19 Songs, 50 Minutes

EDITORS’ NOTES

Dusty Springfield’s sixth album, released a year after 1969’s iconic Dusty in Memphis, is aglow with American soul. It might as well have been called Dusty in Philadelphia, because the kings of Philly soul—Kenny Gamble and Leon Huff—produced it and penned most of the tunes. So the material’s strong, to be sure, but what really gets you is Dusty’s voice. How it confesses, how it pleads. How it conveys sadness, desire, loss, and love like no one else then or now, even when she plays the stylist. (She gets all Motown-ish on “Silly Silly Fool” and channels Dionne Warwick on “Joe.”) But Dusty’s at her best when she’s longing for a lover (“Let’s Get Together Soon,” a true country-soul soother) or mourning bad decision-making because of love (“Never Love Again”). She finds grace in such frictions and themes and sings them accordingly. This extended version is fortified with nine additional songs from a second (shamefully shelved) album that she recorded with Gamble and Huff, as well as single sides, including recordings made with Arif Mardin and Jerry Wexler.

EDITORS’ NOTES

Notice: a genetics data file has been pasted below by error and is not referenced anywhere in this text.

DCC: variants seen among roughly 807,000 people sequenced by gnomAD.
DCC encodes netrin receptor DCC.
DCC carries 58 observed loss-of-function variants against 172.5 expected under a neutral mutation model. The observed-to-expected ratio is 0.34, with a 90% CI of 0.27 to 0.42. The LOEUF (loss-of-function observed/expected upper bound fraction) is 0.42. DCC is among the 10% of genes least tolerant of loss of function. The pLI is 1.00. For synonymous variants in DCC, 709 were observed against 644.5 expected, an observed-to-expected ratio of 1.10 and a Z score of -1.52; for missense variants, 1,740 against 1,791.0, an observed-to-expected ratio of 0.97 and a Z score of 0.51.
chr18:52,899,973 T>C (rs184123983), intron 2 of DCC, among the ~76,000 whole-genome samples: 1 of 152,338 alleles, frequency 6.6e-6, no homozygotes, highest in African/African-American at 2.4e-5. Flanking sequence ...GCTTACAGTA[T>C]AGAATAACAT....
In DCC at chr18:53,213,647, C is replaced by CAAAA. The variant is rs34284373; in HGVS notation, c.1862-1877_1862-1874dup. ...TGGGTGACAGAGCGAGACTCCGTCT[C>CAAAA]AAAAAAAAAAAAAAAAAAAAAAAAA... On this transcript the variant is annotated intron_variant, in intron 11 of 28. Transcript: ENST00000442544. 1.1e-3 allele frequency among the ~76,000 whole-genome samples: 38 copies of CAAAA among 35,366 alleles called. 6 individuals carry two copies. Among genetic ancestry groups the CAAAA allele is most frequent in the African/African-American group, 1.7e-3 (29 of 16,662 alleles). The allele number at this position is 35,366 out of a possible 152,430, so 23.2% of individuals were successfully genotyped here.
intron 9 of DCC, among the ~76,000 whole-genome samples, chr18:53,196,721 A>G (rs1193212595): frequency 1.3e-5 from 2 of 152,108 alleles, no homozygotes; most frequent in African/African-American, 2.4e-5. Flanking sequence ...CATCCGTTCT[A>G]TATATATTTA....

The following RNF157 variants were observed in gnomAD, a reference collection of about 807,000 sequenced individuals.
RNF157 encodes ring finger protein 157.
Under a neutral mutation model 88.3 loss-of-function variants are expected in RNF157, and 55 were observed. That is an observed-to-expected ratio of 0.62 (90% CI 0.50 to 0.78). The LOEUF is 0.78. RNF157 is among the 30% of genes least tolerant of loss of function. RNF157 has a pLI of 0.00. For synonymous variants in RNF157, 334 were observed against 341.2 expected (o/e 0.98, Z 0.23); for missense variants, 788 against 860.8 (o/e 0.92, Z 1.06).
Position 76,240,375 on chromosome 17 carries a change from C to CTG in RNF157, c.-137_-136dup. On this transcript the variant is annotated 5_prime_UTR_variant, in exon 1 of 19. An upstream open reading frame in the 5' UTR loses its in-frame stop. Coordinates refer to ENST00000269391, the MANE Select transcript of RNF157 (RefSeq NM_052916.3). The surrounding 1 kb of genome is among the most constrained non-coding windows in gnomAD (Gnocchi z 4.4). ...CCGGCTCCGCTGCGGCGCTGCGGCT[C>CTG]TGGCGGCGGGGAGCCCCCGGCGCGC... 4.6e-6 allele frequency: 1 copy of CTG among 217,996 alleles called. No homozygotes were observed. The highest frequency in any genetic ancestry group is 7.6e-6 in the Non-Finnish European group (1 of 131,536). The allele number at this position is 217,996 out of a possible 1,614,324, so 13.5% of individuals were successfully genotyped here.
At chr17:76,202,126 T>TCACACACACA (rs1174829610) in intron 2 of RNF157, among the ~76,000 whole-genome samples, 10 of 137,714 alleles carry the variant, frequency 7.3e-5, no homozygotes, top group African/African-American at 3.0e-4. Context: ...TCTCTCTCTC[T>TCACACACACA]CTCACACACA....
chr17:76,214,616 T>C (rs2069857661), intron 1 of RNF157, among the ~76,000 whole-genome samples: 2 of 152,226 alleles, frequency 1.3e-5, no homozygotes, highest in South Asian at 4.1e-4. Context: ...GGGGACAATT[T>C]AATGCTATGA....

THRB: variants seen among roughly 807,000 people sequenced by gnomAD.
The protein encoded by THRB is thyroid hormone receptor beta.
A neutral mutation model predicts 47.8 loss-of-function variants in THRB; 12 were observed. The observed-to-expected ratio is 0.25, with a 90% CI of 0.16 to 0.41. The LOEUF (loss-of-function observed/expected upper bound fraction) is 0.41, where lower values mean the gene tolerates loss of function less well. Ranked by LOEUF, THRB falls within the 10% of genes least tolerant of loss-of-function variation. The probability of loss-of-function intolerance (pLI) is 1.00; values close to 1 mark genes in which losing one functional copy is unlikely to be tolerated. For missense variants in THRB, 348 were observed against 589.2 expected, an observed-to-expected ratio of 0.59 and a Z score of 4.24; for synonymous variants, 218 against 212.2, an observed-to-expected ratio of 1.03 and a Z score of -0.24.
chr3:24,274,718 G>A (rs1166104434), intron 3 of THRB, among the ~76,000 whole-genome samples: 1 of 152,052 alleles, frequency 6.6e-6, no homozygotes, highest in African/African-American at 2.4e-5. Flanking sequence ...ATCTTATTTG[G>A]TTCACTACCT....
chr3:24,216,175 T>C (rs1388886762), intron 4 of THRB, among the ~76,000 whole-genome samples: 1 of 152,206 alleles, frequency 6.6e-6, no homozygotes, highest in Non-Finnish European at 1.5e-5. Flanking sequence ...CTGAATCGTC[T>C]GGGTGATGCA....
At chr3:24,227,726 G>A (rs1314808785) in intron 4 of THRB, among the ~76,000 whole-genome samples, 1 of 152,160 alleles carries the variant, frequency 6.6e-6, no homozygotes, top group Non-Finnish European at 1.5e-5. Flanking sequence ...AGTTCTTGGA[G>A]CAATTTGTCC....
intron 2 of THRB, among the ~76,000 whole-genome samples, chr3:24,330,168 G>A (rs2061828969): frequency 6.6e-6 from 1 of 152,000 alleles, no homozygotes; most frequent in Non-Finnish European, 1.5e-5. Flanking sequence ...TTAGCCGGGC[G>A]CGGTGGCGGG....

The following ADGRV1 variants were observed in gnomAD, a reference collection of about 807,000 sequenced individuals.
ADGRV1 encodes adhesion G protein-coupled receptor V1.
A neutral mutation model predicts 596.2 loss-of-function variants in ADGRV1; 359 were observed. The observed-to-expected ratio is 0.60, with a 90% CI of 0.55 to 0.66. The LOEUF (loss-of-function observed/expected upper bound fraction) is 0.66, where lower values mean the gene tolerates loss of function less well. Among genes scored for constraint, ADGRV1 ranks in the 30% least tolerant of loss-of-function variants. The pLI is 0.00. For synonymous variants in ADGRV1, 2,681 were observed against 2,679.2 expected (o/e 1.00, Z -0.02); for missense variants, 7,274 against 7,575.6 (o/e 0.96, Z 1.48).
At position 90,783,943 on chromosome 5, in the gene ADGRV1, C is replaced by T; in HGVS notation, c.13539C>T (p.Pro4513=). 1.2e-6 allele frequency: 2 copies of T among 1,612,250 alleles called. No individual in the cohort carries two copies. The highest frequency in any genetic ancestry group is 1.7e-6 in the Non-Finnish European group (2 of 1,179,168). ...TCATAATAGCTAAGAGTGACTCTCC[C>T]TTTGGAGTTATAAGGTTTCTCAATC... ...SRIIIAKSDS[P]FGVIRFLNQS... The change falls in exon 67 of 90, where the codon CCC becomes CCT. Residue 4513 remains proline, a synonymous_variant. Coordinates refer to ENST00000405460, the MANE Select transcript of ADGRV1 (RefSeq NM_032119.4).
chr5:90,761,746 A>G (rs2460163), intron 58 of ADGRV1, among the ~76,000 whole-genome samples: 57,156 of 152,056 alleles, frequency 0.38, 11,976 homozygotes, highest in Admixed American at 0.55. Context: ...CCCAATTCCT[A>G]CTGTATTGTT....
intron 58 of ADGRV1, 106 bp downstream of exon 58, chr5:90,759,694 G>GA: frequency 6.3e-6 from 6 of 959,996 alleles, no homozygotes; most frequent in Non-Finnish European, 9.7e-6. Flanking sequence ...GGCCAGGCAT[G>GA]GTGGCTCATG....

Dusty Springfield’s sixth album, released a year after 1969’s iconic Dusty in Memphis, is aglow with American soul. It might as well have been called Dusty in Philadelphia, because the kings of Philly soul—Kenny Gamble and Leon Huff—produced it and penned most of the tunes. So the material’s strong, to be sure, but what really gets you is Dusty’s voice. How it confesses, how it pleads. How it conveys sadness, desire, loss, and love like no one else then or now, even when she plays the stylist. (She gets all Motown-ish on “Silly Silly Fool” and channels Dionne Warwick on “Joe.”) But Dusty’s at her best when she’s longing for a lover (“Let’s Get Together Soon,” a true country-soul soother) or mourning bad decision-making because of love (“Never Love Again”). She finds grace in such frictions and themes and sings them accordingly. This extended version is fortified with nine additional songs from a second (shamefully shelved) album that she recorded with Gamble and Huff, as well as single sides, including recordings made with Arif Mardin and Jerry Wexler.

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